New Fireboat for New York City
The John Purroy Mitchell, a new oil-burning fireboat built by the Standard Shipbuilding Corporation of Staten Island, was taken over for the city of New York by Fire Commissioner Thomas J. Drennan on December 27, 1921. The vessel, which will be stationed at the Battery on the extreme southern end of Manhattan Island, cost the city $250,000 and is said to be the last word in fireboat construction. She is equipped with a steel lattice mast, twenty-seven feet high, on which is her main water battery. In addition to the tower there will be four other turrets, one on top of the pilot house, another on the fore-head and a second aft on the main deck. The boat will carry 3,700 feet of hose. The Mitchell is equipped with five turbine pumps, which are capable of delivering 450,000 gallons at a pressure of 150 pounds. When working to her full capacity she will be equal to the combined water deliveries of twelve shore fire engines. She is 132 feet in length over all, 27 feet beam, and has draft of 14 feet, 9 inches. On a recent trial trip she made a speed of twelve knots an hour. At the ceremony of acceptance Chief John Kenlon of the New York fire department and Deputy Chief Edward J. Worth, in charge of the marine division, assisted Commissioner Drennan in receiving the new fireboat. An illustration of the John Purroy Mitchell is shown on this page.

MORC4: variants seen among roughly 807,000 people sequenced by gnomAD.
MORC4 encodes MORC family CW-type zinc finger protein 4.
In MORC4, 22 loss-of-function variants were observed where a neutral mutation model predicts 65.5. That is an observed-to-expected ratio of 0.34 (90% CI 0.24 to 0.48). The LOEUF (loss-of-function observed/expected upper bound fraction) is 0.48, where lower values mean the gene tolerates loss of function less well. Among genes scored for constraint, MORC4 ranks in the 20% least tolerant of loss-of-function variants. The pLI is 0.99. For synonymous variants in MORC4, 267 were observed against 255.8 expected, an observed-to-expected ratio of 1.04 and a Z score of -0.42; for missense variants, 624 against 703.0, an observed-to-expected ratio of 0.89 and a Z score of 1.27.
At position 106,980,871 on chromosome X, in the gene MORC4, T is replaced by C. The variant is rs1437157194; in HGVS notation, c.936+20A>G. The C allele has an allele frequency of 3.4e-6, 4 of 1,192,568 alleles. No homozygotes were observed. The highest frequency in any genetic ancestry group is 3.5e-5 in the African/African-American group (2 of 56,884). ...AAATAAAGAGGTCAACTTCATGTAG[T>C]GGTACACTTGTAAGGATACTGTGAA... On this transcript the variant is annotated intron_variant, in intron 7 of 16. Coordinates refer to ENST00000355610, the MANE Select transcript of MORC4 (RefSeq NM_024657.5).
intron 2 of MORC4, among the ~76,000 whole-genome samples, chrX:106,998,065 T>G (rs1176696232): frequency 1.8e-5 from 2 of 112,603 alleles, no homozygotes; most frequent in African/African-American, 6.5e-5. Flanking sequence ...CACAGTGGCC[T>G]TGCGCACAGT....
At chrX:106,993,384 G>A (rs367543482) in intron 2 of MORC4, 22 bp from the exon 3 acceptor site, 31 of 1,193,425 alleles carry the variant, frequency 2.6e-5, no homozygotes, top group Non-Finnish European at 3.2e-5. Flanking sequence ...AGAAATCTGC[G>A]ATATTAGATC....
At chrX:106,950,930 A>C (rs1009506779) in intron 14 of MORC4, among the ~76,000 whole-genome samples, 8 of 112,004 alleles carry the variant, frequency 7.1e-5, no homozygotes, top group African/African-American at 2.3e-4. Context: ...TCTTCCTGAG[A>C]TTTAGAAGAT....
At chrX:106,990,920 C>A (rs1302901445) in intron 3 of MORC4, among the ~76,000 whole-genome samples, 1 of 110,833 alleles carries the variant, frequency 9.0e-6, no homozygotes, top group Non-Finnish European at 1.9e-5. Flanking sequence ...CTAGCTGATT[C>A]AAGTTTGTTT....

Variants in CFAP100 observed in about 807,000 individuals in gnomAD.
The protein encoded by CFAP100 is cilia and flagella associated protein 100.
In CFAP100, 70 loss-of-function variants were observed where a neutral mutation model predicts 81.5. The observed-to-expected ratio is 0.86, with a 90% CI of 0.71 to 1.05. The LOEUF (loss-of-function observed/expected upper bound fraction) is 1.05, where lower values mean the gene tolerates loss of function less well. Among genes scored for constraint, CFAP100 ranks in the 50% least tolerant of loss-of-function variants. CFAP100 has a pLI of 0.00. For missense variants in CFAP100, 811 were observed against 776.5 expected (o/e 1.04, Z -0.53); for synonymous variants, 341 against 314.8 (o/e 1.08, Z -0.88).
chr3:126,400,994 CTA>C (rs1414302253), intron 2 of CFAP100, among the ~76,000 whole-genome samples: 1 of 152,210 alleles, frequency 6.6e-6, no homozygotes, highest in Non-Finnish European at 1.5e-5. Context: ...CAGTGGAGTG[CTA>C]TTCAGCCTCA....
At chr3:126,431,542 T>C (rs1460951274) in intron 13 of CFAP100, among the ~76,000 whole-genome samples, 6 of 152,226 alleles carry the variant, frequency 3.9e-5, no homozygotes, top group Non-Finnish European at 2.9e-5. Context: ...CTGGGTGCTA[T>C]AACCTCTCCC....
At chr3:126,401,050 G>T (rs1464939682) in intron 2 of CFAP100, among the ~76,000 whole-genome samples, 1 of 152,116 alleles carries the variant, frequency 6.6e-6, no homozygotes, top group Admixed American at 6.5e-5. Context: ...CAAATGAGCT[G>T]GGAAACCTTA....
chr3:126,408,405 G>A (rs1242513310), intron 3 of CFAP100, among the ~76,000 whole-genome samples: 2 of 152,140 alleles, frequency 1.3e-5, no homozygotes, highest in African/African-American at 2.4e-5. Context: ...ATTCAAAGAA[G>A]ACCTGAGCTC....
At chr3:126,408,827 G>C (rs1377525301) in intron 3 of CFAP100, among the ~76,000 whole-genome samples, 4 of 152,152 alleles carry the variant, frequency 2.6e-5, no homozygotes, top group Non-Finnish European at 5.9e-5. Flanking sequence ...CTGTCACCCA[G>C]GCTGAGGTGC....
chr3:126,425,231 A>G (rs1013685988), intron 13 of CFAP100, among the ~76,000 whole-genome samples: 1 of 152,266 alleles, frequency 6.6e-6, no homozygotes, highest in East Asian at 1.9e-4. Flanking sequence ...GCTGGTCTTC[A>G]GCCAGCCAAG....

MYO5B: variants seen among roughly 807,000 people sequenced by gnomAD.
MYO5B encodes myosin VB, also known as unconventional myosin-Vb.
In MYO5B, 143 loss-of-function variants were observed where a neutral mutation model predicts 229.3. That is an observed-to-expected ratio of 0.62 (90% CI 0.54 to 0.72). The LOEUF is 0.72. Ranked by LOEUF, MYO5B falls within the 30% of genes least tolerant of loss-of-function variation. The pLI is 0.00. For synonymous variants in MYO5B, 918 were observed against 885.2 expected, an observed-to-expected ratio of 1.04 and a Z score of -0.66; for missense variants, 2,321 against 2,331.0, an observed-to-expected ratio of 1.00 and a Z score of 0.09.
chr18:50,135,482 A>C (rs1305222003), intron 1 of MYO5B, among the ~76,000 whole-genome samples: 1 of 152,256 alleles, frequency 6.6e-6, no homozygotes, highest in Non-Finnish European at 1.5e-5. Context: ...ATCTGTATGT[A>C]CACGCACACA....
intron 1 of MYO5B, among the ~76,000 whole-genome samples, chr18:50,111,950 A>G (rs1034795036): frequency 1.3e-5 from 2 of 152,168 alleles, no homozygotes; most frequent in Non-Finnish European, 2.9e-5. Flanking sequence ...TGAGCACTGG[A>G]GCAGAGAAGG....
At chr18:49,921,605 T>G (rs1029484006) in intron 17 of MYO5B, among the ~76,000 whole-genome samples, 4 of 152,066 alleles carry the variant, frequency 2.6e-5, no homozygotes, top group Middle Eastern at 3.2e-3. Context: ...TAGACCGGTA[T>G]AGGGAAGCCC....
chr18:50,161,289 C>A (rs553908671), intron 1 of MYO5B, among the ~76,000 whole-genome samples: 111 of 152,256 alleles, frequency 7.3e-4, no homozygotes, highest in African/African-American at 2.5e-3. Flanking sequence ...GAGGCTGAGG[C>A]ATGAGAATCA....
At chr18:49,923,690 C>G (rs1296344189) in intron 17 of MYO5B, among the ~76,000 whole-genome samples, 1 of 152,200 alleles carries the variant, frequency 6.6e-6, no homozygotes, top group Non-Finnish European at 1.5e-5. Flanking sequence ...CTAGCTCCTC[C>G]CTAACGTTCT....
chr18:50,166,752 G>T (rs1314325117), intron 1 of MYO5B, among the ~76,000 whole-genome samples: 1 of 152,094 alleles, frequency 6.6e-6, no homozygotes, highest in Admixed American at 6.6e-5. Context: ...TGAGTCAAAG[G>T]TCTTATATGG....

Safety Director McCune of Columbus, Ohio, has notified several of the outlying villages that on and after January 1 the fire department of Columbus by an order will refuse to answer alarms from the villages. This order will hold good unless the villages can arrive at an agreement with the city to pay a just share in the upkeep of the department. He also ruled that no arrangement on a “per call” basis will be allowed as the calls are frequent and a charge of this kind will not contribute proper support to the department. The villages affected are Bexley, Grandview, Upper Arlington, Marble Cliff, East Linden, East Columbus and Hanford.